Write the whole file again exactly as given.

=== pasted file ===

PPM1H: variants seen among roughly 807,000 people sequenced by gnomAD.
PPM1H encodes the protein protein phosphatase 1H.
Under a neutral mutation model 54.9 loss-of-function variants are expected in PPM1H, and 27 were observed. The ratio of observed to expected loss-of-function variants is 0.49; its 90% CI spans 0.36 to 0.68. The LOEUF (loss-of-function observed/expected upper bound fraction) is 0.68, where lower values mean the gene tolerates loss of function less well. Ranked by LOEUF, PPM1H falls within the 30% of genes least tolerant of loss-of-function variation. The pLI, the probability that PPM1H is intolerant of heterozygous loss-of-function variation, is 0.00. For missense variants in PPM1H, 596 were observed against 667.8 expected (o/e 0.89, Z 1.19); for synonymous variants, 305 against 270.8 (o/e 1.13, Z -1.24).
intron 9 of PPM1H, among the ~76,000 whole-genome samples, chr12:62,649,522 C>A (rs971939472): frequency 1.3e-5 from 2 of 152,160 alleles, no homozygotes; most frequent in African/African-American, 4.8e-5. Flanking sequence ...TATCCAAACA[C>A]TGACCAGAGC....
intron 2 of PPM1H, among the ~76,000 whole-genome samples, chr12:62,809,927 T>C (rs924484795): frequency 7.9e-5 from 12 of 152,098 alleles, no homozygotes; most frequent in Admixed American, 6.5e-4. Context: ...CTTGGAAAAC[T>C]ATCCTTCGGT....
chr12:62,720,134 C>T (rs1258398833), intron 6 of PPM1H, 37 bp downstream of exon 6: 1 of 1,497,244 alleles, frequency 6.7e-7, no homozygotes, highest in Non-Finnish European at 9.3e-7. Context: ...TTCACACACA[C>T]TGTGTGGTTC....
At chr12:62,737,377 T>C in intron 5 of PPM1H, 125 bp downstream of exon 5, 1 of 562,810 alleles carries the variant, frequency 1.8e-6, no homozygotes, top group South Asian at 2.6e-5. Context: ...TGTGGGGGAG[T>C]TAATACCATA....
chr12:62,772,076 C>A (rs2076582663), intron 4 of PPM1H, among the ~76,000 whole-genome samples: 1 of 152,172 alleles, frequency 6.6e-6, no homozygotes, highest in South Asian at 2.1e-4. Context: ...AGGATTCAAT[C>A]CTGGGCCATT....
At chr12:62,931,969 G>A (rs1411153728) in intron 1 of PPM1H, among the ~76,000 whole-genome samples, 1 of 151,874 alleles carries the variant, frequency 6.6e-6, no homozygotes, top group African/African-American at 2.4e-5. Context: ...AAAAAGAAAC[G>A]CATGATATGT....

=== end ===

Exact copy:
PPM1H: variants seen among roughly 807,000 people sequenced by gnomAD.
PPM1H encodes the protein protein phosphatase 1H.
Under a neutral mutation model 54.9 loss-of-function variants are expected in PPM1H, and 27 were observed. The ratio of observed to expected loss-of-function variants is 0.49; its 90% CI spans 0.36 to 0.68. The LOEUF (loss-of-function observed/expected upper bound fraction) is 0.68, where lower values mean the gene tolerates loss of function less well. Ranked by LOEUF, PPM1H falls within the 30% of genes least tolerant of loss-of-function variation. The pLI, the probability that PPM1H is intolerant of heterozygous loss-of-function variation, is 0.00. For missense variants in PPM1H, 596 were observed against 667.8 expected (o/e 0.89, Z 1.19); for synonymous variants, 305 against 270.8 (o/e 1.13, Z -1.24).
intron 9 of PPM1H, among the ~76,000 whole-genome samples, chr12:62,649,522 C>A (rs971939472): frequency 1.3e-5 from 2 of 152,160 alleles, no homozygotes; most frequent in African/African-American, 4.8e-5. Flanking sequence ...TATCCAAACA[C>A]TGACCAGAGC....
intron 2 of PPM1H, among the ~76,000 whole-genome samples, chr12:62,809,927 T>C (rs924484795): frequency 7.9e-5 from 12 of 152,098 alleles, no homozygotes; most frequent in Admixed American, 6.5e-4. Context: ...CTTGGAAAAC[T>C]ATCCTTCGGT....
chr12:62,720,134 C>T (rs1258398833), intron 6 of PPM1H, 37 bp downstream of exon 6: 1 of 1,497,244 alleles, frequency 6.7e-7, no homozygotes, highest in Non-Finnish European at 9.3e-7. Context: ...TTCACACACA[C>T]TGTGTGGTTC....
At chr12:62,737,377 T>C in intron 5 of PPM1H, 125 bp downstream of exon 5, 1 of 562,810 alleles carries the variant, frequency 1.8e-6, no homozygotes, top group South Asian at 2.6e-5. Context: ...TGTGGGGGAG[T>C]TAATACCATA....
chr12:62,772,076 C>A (rs2076582663), intron 4 of PPM1H, among the ~76,000 whole-genome samples: 1 of 152,172 alleles, frequency 6.6e-6, no homozygotes, highest in South Asian at 2.1e-4. Context: ...AGGATTCAAT[C>A]CTGGGCCATT....
At chr12:62,931,969 G>A (rs1411153728) in intron 1 of PPM1H, among the ~76,000 whole-genome samples, 1 of 151,874 alleles carries the variant, frequency 6.6e-6, no homozygotes, top group African/African-American at 2.4e-5. Context: ...AAAAAGAAAC[G>A]CATGATATGT....